The Pioneer - the man who leads
the way. Pioneers those groups of far-sighted, tough, skilled
and undeterable worker-adventurers who go ahead to prepare
the way for others. For a new civilization, for an advancing
army. These are the accepted definitions of the Pioneers of
old. Within the British Army the Royal Pioneer Corps had a
similar tough spirit, far sighted outlook and widely embracing
idea of having a fighting soldier whose chief role was providing
labour is not a new one. One of the earliest references may
perhaps be found in the book of Nehemiah, chapter 4, verse
build on the wall, and they that bare burdens, with those
that laded, everyone with one of his hands wrought in the
work, and with the other hand held a weapon.
Mention is made of Pioneers in the
pay and muster role of the British Garrison at Calais in the
year 1346. In 1600 Pioneer contingents under their own Officers
and NCOs were attached to the Artillery and later, a company
of Pioneers served with the 7th of Foot (Royal Fusiliers).
By 1739 the Guards had organised and maintained a detachment,
followed by the Black Watch and many other Infantry Regiments.
An old record of dress regulations for Pioneers laid down
cap shall be embroidered shovel in front' a
device which was incorporated on the cap badge in 1984.
About 1750 a proposal was put forward
for a Corps of Pioneers with their own Regimental organisation.
An interesting point about this proposition was in its reference
to dress, which stated that the service uniform was to be
to glaring to be seen at a distance nor one
that is soon soiled or dirtied when on work in the field.'
Nothing was done about the formation
of a separate Corps, except that during the siege of Gibraltar
1779-1783 an independent Corps, based on the previous plans,
actually served on the rock. From a series of Regimental records
kept with the War Office papers at the public record office
it has been established that a Corps of Military Labourers
was raised for labour duties in tropical colonies on 25 August
1817. It was made up from supernumerary rank and file of the
1st, 3rd and 6th West Indian Regiments. The Corps had no officers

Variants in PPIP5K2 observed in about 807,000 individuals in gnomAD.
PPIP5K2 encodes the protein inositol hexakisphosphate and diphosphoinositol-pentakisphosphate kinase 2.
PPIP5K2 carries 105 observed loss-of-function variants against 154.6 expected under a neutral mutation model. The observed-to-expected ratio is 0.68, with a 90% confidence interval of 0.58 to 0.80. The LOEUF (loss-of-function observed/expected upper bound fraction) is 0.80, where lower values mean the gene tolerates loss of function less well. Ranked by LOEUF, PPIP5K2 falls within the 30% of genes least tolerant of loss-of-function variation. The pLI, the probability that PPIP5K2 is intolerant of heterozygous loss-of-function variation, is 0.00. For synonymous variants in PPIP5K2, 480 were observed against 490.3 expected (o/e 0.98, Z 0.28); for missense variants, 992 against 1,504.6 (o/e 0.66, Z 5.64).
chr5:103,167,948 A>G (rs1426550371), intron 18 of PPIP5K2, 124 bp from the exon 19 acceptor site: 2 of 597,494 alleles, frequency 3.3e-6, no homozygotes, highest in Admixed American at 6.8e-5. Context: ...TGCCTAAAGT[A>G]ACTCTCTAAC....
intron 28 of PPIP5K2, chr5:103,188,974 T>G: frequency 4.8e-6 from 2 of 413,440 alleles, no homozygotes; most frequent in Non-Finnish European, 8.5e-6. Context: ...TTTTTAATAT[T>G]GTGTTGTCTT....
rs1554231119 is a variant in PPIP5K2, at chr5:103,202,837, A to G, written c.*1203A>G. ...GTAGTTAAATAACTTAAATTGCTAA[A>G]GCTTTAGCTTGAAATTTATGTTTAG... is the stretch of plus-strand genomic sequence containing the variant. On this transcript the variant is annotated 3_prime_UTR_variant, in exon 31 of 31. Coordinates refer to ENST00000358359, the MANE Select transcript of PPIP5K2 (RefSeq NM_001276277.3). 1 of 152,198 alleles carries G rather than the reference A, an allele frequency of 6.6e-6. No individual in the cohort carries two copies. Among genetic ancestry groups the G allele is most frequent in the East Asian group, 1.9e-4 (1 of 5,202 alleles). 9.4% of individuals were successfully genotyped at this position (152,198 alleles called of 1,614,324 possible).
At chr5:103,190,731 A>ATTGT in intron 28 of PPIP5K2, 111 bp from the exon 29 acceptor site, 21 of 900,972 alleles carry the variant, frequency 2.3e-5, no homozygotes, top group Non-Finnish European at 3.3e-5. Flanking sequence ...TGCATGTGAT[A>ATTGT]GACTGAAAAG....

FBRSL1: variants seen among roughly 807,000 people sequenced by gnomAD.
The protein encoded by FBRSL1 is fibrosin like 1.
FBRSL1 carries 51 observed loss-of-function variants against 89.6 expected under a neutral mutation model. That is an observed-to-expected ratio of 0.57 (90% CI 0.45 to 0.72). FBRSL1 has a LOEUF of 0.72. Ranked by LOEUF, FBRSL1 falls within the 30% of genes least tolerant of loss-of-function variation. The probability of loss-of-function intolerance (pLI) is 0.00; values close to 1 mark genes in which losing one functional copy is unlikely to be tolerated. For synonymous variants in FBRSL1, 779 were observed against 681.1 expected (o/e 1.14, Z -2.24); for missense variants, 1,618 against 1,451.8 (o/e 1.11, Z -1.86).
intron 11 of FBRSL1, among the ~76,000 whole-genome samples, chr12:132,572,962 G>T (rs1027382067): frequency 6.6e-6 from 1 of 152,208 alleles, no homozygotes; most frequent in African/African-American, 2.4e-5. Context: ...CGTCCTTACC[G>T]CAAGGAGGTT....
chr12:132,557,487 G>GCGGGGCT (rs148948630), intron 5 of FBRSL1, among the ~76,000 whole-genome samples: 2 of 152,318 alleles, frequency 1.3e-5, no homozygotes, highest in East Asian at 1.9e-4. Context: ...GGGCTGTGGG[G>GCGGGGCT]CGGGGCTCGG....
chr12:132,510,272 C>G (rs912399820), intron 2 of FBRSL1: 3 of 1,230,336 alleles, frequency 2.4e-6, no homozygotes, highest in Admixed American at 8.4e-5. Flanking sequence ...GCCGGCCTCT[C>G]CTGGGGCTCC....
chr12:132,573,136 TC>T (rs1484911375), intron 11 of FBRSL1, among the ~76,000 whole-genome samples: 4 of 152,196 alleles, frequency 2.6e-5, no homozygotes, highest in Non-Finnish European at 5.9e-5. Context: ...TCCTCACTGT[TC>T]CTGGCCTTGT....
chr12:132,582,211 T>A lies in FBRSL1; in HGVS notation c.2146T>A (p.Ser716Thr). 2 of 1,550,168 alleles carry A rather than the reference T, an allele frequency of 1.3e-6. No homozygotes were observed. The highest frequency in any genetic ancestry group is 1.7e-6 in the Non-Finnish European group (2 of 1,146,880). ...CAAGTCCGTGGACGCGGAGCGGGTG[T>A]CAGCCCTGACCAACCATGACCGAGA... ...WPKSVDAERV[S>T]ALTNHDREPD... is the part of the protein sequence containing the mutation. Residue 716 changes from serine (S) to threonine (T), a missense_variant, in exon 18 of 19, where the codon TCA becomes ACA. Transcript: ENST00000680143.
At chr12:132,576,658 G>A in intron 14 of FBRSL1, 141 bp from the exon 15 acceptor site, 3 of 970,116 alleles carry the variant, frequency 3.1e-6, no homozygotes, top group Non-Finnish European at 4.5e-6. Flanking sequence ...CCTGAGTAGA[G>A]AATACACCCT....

of its own, but was administered by the local staff Officers
of the Quartermasters General department.The
Company established consisted of 5 Sergeants, 5 Corporals
and 100 Privates. The senior NCOs were usually white, the
remainder being coloured men. The initial duty stations of
the Corps were: Barbados five companies, Barbuda, Tobago,
St Lucia, Dominica, Granada, Demerera, Trinidad, St Vincent,
Antigua and St Kitts each having on Company. It is believed
that this Corps was disbanded on 1st October 1888.
During the Crimean War 1854-56 the
Army Works Corp came into being. Raised in the summer
of 1855 it initially consisted of 1000 men, most of them Navvies
and Artificers. They were commanded and supervised by an efficient
staff of Officers and Foremen, elected from the principal
public works organisations in the United Kingdom. The first
detachment of the Army Works Corps arrived in the Crimea on
11 August 1855 and the last in the middle of September of
that year. The object for forming the Corps was
carrying out of works of a civil character at the Seat of
War such as the construction of Roads and Railways, the
erection of stonehouses and jetties, on which stores and
materials might be landed with facility.
The next reference to Pioneers that
can be readily established is that of the 106th Hazara
Pioneers of the Indian Army. Much of the Indian Army's